Naive Fallacy

Buoyancy calculus

Berechnung Auftrieb        

Some of my readers are real enthusiasts. One of them has created a calculation sheet based on Excel, which allows you to calculate the maximum achievable buoyancy power in the simplest way – calculation base are the dimensions of a "power plant" of the type GAIA / ROSCH. Just try it yourself!

Download Calculation Sheet

Note: The calculation provides only the achievable performance of the buoyancy. The energy consumption for filling the container with air is not taken into account which is always higher than the calculated power that can be obtained by the buoyancy in any case.

The tattered drive chain

An attentive reader has wondered why the upper drive chain is not shredded immediately in the Video of ROSCH, showing the prototype in Belgrade during operation.

If it is assumed that the generator delivers a power output of 12 kW as indicated by ROSCH, this power must also be transmitted to the drive shaft.

In the video you can see that the top shaft is spinning very slowly. It requires 38s for a full revolution!

The formula for the torque on the shaft with an output of 12,000 watts is given by

M = torque [Newton meters]
P = transmitted power by the shaft [Watt]
n = speed of the shaft [revolutions per second]

72600 Nm! – For comparison, a VW Golf 7 diesel with 105 hp produces a torque of 250 Nm on the drive shaft!

I'll eat a broom along with the cleaning lady if there was no chicancery ...!


A frequency meter is visible in the same video indicating a very stable frequency of 50 Hz. Control engineers, please contact me! Which one of you can keep this system stable from the input (pressure air injection) to the output (generator voltage) as a normal mains frequency? I'm already hungry for the dog of the cleaning lady, if that is possible without using highly complex control systems ...!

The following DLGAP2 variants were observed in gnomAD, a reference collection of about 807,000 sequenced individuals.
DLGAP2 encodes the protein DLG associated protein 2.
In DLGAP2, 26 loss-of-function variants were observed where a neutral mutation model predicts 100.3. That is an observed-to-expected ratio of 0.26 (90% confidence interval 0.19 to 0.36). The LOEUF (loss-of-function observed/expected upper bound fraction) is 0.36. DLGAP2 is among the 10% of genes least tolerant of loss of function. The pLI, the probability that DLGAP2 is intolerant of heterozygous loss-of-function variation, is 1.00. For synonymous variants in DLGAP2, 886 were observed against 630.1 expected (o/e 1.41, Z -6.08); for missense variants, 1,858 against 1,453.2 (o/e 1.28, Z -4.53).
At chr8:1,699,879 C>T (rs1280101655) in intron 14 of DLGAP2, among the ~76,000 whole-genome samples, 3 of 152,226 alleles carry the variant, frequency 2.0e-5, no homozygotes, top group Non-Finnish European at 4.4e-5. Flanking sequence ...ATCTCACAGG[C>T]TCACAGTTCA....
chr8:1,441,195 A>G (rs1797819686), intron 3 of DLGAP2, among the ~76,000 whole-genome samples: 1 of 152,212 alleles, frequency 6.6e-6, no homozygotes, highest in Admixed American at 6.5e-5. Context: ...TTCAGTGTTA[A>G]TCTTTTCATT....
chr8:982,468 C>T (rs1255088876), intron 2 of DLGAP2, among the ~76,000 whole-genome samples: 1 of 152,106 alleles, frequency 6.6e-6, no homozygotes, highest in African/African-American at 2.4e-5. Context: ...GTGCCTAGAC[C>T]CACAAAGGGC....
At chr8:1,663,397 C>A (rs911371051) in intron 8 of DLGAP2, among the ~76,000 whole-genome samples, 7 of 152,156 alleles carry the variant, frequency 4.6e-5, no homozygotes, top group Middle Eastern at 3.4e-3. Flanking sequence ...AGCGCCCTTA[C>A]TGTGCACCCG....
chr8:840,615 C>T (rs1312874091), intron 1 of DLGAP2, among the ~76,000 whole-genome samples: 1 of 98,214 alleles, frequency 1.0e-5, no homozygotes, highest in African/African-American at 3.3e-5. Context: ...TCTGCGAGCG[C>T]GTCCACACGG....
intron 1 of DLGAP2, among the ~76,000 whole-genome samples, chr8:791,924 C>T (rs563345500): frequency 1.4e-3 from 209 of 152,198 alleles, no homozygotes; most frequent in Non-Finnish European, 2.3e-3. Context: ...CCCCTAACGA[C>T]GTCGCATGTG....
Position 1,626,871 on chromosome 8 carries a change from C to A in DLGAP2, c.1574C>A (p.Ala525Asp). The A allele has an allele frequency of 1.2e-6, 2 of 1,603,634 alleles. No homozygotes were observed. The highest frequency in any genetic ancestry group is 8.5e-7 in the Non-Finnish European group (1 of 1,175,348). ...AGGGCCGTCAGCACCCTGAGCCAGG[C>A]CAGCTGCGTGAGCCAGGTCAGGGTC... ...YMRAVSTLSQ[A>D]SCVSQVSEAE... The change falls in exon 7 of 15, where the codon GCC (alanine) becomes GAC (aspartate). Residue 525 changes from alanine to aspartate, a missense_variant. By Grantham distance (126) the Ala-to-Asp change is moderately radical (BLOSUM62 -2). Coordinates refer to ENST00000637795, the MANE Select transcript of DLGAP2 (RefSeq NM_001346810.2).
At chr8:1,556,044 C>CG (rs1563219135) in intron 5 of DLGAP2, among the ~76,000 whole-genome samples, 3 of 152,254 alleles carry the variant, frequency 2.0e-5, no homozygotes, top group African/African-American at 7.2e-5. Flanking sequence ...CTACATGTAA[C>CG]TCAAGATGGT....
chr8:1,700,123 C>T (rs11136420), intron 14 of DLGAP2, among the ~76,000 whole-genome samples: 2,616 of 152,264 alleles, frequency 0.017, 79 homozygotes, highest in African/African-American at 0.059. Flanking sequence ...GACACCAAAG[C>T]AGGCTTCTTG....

The following simple calculation – which is at all the more plausible one because of its simplicity (any high school student should be able to reproduce it easily) – was sent to me by Gerhard Daniel Kadisch via email. It has only been slightly reformulated and completed by myself.


GAIA states that the space required for the plant is approximately an area of 0.5 x 0.5 m and a height of 5 m. Excluding any walls of or transport elements this results in a total water volume of 0.5 m * 0.5 m * 5 m = 1.25 m3.

The available space for the buoyancy containers is only half of this volume (in the other half the filled containers fall back down). This results in 1,25 / 2 = 0.625 m3. Since the volume cannot of course be fully used (the containers are rounded and are mounted with a little distance from each other), one can approximately guess that the usable volume for the buoyancy process is only about 0.5 m3. The maximum lifting force is thus 500 kg (it corresponds to the weight of the volume of water displaced, namely the weight of 0.5 m3 of water). In the videos of GAIA and ROSCH can be seen that the containers move at a speed of about 15 cm per second (= 0.15 m/s).

If you want to yield a power of 5 kW (as was promised for the "power plant"), then you need to calculate as follows: You need to move a mass of 500 kg (equivalent to 0.5 m3 of water) continuously at a speed of 1 m/s against gravity to the top of the tank!

In order to raise 500 kg within a second to 1 m height, one needs an output of 500 kg * 9.81 m/s2 * 1 m/s = 4905 Nm/s = 4905 W. So this corresponds almost exactly to the guaranteed value of 5 kW.

(Note: The value of 9.81 m/s2 is to overcome gravity.)

In our case the 500 kg only move at a speed of 0.15 m/s upwards ... i.e. one receives
500 kg * 9.81 m/s2 * 0.15 m / s = 735.75 watts of mechanical power at maximum which is available for the generator to produce electricity.

Well, now the obvious things: So far I have neglected that blowing the air into the containers by a compressor does not require any energy ... To hell with GAIA! Where should this energy come from then when we already receive less energy than promised ??!

In addition, the adopted dimensions of the system are idealized, i.e. they are clearly rounded up in favor of GAIA. Also, no friction or heat losses were considered that are far from negligible!

Conclusion of this impressively simple calculus: This "power plant" can never ever produce the promised output power!!!

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